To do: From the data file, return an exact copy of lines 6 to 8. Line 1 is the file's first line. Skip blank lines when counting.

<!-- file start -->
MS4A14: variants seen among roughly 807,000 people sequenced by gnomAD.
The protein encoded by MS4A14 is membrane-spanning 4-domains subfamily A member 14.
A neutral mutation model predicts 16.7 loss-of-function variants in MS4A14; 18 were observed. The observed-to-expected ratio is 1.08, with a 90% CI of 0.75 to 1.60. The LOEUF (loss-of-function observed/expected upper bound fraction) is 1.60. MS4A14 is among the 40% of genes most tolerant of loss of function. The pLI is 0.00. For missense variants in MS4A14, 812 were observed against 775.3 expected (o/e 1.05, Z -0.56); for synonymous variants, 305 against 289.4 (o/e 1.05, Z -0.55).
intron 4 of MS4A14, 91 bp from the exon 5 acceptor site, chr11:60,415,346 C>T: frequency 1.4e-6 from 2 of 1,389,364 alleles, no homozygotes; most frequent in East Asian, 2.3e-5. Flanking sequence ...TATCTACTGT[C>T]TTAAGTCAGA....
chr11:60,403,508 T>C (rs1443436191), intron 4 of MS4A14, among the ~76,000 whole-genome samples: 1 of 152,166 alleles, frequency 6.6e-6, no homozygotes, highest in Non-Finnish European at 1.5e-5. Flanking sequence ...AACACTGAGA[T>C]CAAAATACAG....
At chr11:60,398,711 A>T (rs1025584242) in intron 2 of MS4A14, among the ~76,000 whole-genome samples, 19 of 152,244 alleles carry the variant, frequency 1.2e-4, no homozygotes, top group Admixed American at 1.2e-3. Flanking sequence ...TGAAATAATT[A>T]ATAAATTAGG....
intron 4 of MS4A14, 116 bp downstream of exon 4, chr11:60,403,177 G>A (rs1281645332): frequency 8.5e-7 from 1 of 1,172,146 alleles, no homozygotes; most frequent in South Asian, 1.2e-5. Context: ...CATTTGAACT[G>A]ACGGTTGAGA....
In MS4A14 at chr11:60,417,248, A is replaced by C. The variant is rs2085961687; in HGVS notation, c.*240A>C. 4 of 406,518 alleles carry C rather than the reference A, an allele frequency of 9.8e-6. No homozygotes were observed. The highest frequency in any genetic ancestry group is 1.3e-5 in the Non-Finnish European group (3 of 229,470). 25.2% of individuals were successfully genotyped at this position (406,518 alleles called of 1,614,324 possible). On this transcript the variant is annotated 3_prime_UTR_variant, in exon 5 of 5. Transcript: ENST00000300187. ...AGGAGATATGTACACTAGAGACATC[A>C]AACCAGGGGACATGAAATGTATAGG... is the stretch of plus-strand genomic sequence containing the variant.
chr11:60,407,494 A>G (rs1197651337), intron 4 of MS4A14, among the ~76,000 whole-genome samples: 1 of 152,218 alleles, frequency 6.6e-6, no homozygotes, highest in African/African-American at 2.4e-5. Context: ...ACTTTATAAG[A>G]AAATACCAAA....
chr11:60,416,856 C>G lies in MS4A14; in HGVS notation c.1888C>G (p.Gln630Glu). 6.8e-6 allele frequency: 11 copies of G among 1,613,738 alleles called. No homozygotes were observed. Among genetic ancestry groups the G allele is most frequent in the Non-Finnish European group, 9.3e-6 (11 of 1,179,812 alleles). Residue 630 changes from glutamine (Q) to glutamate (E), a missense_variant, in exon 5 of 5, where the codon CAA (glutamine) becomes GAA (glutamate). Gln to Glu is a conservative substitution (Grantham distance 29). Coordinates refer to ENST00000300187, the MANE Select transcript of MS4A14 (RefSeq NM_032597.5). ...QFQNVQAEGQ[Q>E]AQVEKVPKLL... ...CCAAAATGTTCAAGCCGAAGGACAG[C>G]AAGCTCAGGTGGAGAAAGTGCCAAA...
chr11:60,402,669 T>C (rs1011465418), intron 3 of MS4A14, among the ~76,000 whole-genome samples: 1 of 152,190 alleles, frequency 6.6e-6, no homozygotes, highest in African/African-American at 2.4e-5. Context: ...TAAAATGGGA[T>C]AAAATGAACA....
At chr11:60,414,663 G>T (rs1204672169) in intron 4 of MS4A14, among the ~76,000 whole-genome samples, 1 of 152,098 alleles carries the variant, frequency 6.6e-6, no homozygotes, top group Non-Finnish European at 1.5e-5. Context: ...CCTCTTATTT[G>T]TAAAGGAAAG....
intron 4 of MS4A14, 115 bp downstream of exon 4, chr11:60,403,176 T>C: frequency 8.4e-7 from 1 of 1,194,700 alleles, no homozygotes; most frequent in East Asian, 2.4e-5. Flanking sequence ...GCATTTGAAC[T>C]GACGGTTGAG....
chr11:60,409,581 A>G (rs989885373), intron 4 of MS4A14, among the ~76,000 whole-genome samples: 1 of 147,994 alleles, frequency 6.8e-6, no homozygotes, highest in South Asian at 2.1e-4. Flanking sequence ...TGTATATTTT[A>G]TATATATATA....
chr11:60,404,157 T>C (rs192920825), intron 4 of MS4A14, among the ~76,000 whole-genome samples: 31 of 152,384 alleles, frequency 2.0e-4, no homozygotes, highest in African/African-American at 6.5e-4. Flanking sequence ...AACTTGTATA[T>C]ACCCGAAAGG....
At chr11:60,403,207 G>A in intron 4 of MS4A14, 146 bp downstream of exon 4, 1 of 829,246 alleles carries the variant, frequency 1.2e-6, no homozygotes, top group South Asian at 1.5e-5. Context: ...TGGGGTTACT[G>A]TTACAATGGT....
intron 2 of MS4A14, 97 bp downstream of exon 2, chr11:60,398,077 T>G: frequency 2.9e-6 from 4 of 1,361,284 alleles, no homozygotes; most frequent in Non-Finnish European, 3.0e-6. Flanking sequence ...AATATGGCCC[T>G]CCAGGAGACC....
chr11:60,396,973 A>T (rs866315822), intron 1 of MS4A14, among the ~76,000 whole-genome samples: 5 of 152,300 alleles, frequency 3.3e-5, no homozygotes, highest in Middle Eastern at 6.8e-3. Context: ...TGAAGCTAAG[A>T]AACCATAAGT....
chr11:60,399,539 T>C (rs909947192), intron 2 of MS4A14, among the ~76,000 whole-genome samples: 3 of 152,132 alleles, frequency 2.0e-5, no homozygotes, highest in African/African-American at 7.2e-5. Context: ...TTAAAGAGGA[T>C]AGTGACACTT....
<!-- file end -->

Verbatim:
At chr11:60,398,711 A>T (rs1025584242) in intron 2 of MS4A14, among the ~76,000 whole-genome samples, 19 of 152,244 alleles carry the variant, frequency 1.2e-4, no homozygotes, top group Admixed American at 1.2e-3. Flanking sequence ...TGAAATAATT[A>T]ATAAATTAGG....
intron 4 of MS4A14, 116 bp downstream of exon 4, chr11:60,403,177 G>A (rs1281645332): frequency 8.5e-7 from 1 of 1,172,146 alleles, no homozygotes; most frequent in South Asian, 1.2e-5. Context: ...CATTTGAACT[G>A]ACGGTTGAGA....
In MS4A14 at chr11:60,417,248, A is replaced by C. The variant is rs2085961687; in HGVS notation, c.*240A>C. 4 of 406,518 alleles carry C rather than the reference A, an allele frequency of 9.8e-6. No homozygotes were observed. The highest frequency in any genetic ancestry group is 1.3e-5 in the Non-Finnish European group (3 of 229,470). 25.2% of individuals were successfully genotyped at this position (406,518 alleles called of 1,614,324 possible). On this transcript the variant is annotated 3_prime_UTR_variant, in exon 5 of 5. Transcript: ENST00000300187. ...AGGAGATATGTACACTAGAGACATC[A>C]AACCAGGGGACATGAAATGTATAGG... is the stretch of plus-strand genomic sequence containing the variant.